The Cardinal Edge


Arts and Research Showcase 2023


Impact of Developmental Cigarette Smoke Exposure on Offspring Number and Birth Weight

Megan Jacobs, Isaiah Burciaga, Katelyn Chism, Selma Podbicanin, Julia Corman, Anna-Lee Harris, Rachel Neal, Cynthia Corbitt

University of Louisville, Department of Biology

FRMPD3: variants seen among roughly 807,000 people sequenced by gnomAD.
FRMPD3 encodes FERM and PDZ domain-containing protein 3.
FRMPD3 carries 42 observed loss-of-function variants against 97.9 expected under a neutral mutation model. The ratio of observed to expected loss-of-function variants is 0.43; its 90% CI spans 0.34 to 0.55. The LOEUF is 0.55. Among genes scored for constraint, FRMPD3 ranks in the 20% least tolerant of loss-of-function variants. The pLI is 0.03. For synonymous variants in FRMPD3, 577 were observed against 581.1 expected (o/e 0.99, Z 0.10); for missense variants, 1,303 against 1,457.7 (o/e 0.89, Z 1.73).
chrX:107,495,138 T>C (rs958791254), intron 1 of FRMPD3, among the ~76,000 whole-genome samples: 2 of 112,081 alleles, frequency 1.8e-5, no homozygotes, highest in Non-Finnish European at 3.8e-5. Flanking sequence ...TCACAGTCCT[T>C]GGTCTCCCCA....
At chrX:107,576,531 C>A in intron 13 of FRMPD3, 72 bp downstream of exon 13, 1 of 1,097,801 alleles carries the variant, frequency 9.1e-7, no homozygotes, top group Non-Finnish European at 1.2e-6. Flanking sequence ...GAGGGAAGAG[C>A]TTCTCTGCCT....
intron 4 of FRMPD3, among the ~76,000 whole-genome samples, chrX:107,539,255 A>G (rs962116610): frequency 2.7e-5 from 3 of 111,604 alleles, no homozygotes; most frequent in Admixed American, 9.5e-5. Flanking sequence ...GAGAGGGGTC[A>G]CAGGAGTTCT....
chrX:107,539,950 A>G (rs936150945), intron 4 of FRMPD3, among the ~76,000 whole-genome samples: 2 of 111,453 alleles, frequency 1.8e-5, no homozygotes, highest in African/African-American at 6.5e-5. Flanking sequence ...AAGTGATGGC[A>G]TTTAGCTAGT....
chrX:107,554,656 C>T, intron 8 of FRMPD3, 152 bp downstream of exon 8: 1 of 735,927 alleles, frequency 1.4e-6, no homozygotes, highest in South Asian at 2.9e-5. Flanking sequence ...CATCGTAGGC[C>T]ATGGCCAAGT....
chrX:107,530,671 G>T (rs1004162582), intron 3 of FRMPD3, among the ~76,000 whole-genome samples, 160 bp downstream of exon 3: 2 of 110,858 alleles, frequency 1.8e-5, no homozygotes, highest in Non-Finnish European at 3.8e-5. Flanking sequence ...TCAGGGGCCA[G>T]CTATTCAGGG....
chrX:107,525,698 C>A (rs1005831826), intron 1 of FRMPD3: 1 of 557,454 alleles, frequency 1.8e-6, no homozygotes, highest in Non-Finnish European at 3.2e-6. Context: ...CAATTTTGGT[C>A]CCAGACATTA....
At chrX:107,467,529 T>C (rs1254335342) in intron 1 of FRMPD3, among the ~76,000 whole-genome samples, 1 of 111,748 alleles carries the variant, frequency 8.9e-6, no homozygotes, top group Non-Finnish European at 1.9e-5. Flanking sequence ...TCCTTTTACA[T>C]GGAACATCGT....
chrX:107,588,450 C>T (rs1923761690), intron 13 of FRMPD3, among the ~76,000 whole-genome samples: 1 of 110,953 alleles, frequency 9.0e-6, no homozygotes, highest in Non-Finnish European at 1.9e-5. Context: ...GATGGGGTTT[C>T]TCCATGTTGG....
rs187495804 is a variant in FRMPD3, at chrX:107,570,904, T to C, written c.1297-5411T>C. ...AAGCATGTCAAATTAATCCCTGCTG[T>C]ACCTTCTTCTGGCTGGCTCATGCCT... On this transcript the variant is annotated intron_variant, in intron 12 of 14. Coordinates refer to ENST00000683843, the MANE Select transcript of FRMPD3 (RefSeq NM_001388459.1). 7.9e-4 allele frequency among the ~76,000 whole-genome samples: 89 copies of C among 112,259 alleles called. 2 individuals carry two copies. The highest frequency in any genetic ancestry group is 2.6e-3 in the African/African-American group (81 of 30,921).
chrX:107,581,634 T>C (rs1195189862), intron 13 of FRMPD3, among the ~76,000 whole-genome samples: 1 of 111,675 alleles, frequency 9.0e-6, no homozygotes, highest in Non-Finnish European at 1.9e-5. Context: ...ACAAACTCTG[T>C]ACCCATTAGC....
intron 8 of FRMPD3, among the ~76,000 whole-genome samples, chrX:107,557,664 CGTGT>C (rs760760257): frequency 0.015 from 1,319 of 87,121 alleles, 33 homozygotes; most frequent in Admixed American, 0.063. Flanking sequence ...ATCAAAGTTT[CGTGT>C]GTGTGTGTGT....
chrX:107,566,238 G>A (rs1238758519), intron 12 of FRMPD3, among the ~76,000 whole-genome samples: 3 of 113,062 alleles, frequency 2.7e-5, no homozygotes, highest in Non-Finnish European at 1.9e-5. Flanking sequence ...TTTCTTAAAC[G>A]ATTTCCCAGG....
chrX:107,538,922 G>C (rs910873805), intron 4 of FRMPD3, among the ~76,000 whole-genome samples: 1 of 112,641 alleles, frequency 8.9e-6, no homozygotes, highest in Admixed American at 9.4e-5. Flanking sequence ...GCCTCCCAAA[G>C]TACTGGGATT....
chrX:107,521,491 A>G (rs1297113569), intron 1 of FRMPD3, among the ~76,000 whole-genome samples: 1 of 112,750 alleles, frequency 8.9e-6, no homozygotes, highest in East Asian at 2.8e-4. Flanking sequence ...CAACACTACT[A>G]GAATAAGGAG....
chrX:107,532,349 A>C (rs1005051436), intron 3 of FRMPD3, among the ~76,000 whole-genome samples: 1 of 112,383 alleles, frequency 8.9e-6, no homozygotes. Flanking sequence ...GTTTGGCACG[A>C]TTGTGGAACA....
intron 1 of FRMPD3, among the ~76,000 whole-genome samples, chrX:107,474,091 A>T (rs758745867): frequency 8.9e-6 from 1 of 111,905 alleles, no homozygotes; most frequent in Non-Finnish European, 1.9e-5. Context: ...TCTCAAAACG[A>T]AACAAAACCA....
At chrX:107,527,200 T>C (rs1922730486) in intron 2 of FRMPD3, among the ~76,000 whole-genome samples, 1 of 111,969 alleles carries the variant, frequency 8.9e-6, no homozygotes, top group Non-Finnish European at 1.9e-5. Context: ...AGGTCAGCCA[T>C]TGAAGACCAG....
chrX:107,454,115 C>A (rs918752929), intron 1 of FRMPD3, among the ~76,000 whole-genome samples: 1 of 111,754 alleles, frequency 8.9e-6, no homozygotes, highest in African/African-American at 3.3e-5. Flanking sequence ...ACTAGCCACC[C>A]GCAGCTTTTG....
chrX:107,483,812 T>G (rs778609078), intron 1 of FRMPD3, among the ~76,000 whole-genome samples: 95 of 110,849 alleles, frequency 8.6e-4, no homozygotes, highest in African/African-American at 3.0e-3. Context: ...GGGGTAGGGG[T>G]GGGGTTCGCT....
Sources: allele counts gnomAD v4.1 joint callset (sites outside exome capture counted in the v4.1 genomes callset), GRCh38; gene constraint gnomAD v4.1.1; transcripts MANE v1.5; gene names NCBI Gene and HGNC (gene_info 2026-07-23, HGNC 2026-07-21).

Tobacco use continues to be the leading cause of preventable death and disease in the United States. Kentucky has the second highest rate of maternal smoking in the country at 15.7%, though the true number is most likely higher due to false self-reports. Maternal cigarette smoking during pregnancy permanently alters intrauterine growth, limits oxygen and nutrient delivery, and is correlated with low birth weight, premature birth, and birth defects. In addition to nicotine, cigarettes contain toxins including cadmium, benzene, arsenic, and formaldehyde. This project focuses on the effects of prenatal cigarette exposure on offspring weight and litter size. We developed a murine model of developmental cigarette exposure utilizing Marlboro Red Cigarettes, as they are the most popular cigarette brand in the world. Female mice were exposed to cigarette smoke for 3 hrs/day starting at 4 days prior to mating and continuing until delivery. At birth, offspring number and general health metrics were collected. No significant differences between our exposure groups were found for litter size or litter weight. This outcome differs from the parent model of 6 hrs/day of CSE, after which low birth weight is exhibited. It should be noted that there was a failed litter of 2 pups from both the sham and CSE groups and that 7 of the mice did not become pregnant, so our sample size is lower than what is typically required to find statistically significant effects of CSE on birth weight in the parent model.